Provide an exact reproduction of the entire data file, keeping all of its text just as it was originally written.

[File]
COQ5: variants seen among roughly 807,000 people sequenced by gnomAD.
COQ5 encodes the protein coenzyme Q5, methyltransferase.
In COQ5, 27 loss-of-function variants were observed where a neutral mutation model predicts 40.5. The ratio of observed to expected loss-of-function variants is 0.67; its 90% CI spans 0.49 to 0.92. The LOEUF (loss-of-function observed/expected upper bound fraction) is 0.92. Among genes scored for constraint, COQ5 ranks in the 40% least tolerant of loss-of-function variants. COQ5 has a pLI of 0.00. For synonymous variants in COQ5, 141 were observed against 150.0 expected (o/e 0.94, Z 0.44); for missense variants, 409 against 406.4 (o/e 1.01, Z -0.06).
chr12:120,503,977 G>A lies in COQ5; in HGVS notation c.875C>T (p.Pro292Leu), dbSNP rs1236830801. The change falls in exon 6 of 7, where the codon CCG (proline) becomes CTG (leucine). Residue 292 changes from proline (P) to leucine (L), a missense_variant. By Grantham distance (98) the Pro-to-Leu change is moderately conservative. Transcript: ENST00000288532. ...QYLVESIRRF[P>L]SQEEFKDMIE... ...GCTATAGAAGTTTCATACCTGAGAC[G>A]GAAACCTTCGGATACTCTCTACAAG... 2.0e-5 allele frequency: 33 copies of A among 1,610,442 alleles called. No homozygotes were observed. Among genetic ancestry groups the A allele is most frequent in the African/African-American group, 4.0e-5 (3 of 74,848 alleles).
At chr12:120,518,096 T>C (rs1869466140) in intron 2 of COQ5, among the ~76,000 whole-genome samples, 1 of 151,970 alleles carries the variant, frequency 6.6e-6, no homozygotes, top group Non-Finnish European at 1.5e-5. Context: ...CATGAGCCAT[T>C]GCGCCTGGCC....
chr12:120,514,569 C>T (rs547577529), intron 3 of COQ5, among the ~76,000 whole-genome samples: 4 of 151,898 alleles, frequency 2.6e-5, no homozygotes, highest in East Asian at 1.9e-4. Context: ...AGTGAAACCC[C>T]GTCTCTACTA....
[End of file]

COQ5: variants seen among roughly 807,000 people sequenced by gnomAD.
COQ5 encodes the protein coenzyme Q5, methyltransferase.
In COQ5, 27 loss-of-function variants were observed where a neutral mutation model predicts 40.5. The ratio of observed to expected loss-of-function variants is 0.67; its 90% CI spans 0.49 to 0.92. The LOEUF (loss-of-function observed/expected upper bound fraction) is 0.92. Among genes scored for constraint, COQ5 ranks in the 40% least tolerant of loss-of-function variants. COQ5 has a pLI of 0.00. For synonymous variants in COQ5, 141 were observed against 150.0 expected (o/e 0.94, Z 0.44); for missense variants, 409 against 406.4 (o/e 1.01, Z -0.06).
chr12:120,503,977 G>A lies in COQ5; in HGVS notation c.875C>T (p.Pro292Leu), dbSNP rs1236830801. The change falls in exon 6 of 7, where the codon CCG (proline) becomes CTG (leucine). Residue 292 changes from proline (P) to leucine (L), a missense_variant. By Grantham distance (98) the Pro-to-Leu change is moderately conservative. Transcript: ENST00000288532. ...QYLVESIRRF[P>L]SQEEFKDMIE... ...GCTATAGAAGTTTCATACCTGAGAC[G>A]GAAACCTTCGGATACTCTCTACAAG... 2.0e-5 allele frequency: 33 copies of A among 1,610,442 alleles called. No homozygotes were observed. Among genetic ancestry groups the A allele is most frequent in the African/African-American group, 4.0e-5 (3 of 74,848 alleles).
At chr12:120,518,096 T>C (rs1869466140) in intron 2 of COQ5, among the ~76,000 whole-genome samples, 1 of 151,970 alleles carries the variant, frequency 6.6e-6, no homozygotes, top group Non-Finnish European at 1.5e-5. Context: ...CATGAGCCAT[T>C]GCGCCTGGCC....
chr12:120,514,569 C>T (rs547577529), intron 3 of COQ5, among the ~76,000 whole-genome samples: 4 of 151,898 alleles, frequency 2.6e-5, no homozygotes, highest in East Asian at 1.9e-4. Context: ...AGTGAAACCC[C>T]GTCTCTACTA....